You have probably seen a lot of yellow skis in the early World Cups and Ski Classics if you have been streaming races this year. What are those skis? They are the new family of Speedmax skis with some interesting and effective variations.
FISCHER’s NEW SPEEDMAX PROVED TO BE THE “GO TO” THIS SEASON.
The “go to” workhorse for the broadest range of conditions is still the highly vetted Speedmax with the proven 610 Mold. This is what both the men’s and women’s overall champions at the 2022 Tour de Ski relied on for most of the events. The Speedmax wins in any given track condition. The new yellow version has a lower and lighter tip for faster turn over and better climbing. The ski is still available in either a Plus or Cold version with the Plus being the better choice for universal conditions. The Speedmax still relies on Cold Base bonding with Air Core construction and High Modulus Carbon laminates to be fast and light.
The new Speedmax 61K was sent to a few dealers and elite racers earlier this year with the traditional graphics. It was originally meant as a Soft track specific ski and it definitely is for the general racing public. However, Fischer’s accomplished athletes started using the 61K on tracks that were not at all soft. With well developed technique, elite racers were able to maintain stability on firm tracks with the 61K and garner glide that is grand and heroic.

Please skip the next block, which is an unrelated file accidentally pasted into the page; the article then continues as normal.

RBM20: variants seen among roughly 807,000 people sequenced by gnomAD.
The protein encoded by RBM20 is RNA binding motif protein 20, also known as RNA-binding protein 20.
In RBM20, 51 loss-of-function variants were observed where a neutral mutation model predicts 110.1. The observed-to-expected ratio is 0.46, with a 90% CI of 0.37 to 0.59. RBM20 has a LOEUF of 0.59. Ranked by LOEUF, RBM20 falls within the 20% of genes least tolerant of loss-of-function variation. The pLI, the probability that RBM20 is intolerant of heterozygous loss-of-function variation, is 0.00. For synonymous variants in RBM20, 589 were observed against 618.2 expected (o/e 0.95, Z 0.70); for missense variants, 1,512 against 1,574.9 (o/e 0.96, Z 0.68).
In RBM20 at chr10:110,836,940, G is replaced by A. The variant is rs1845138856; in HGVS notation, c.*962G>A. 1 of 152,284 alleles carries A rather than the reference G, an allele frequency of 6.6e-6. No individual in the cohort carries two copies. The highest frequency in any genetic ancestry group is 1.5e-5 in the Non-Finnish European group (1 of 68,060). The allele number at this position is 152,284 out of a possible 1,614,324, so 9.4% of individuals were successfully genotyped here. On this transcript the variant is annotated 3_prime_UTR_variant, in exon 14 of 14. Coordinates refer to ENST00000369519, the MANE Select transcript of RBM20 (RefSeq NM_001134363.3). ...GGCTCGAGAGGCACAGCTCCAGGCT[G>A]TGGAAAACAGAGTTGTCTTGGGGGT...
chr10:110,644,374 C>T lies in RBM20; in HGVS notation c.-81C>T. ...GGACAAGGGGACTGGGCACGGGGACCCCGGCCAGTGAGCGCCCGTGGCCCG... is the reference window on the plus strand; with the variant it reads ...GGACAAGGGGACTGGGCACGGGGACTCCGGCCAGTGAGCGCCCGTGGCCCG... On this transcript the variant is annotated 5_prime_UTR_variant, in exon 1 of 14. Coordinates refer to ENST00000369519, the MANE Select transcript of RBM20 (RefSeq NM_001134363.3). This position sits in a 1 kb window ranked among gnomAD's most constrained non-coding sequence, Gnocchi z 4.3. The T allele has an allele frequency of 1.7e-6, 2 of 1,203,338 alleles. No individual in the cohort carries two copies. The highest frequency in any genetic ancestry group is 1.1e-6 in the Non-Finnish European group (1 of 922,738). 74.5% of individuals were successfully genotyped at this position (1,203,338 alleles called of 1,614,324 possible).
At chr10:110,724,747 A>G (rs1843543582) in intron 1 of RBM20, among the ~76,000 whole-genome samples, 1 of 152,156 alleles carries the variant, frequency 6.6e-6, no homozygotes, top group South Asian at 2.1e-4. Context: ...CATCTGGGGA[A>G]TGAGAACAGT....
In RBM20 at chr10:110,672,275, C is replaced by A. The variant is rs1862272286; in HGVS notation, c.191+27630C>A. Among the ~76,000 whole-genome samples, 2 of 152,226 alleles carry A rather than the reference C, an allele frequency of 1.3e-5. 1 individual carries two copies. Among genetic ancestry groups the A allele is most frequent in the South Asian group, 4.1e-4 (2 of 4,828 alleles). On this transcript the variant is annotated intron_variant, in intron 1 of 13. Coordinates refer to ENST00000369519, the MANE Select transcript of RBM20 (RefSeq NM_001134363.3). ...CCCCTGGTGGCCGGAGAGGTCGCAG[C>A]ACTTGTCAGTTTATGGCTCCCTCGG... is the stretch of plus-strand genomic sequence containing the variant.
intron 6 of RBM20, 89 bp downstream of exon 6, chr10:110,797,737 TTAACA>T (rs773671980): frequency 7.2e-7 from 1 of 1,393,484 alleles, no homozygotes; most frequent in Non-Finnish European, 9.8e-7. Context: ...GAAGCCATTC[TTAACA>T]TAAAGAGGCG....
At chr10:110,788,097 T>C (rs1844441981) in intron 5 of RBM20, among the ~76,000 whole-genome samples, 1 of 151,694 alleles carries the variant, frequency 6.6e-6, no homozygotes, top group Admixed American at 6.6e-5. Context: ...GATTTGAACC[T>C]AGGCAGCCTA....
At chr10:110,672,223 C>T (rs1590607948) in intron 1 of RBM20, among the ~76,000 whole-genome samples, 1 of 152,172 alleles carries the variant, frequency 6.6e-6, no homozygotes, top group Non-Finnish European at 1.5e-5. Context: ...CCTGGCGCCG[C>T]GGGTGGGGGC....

What is the 61K? Fischer uses two primary molds for their skating skis: the 115 and the 610. Skis with the 115 have a long wheelbase with extended contact zones that dissipate the skier’s weight. Skis with the 610 mold have a shorter wheelbase with relatively short contact zones. The 61K takes the 610 mold and shortens the wheelbase even more which creates rather soft tips and tails.
Who will benefit? It is true that some stability is sacrificed by this flex pattern. However, that makes the glide of the 61K extremely fast. Advanced skiers who can maintain high tempo V2’s even on less than ideal tracks will love the 61K. Do you have to be Johannes Klaebo or Natalia Nepryaeva to handle these skis? No, but you better have well developed technique if you want to use the 61K on a rather firm track. As mentioned above, the 61K Speedmax was originally designed as a soft track ski. The flex pattern makes this ski very controllable and extremely fast in soft track conditions regardless of skier ability.
Next up is the all new Helium. The lightest racing ski on the market. Unfortunately, the Helium will only be available in very limited numbers. The goal with the Helium was to make an ultra light ski that did not sacrifice durability, speed or stability. The first step in achieving that goal was to create an all new core for the ski. Fischer came up with the Bidirectional Air Core which is essentially taking Air Core material, run it perpendicular to the core, and have it make up most of the sidewall. This is far lighter than traditional construction and provides for a beautiful flex pattern and outstanding durability.
The second step for the Helium was creating the Helium Shield. Fischer engineers created a unique weave of High Modulus Carbon intertwined with Fiberglass for an extremely light sheet that keeps the Speedmax strong and provides great torsional rigidity for effective stability.
Fischer will have these new skis available to test and try out at the post Birkie demo at the start area on the Sunday after the Birkie. They look forward to your input.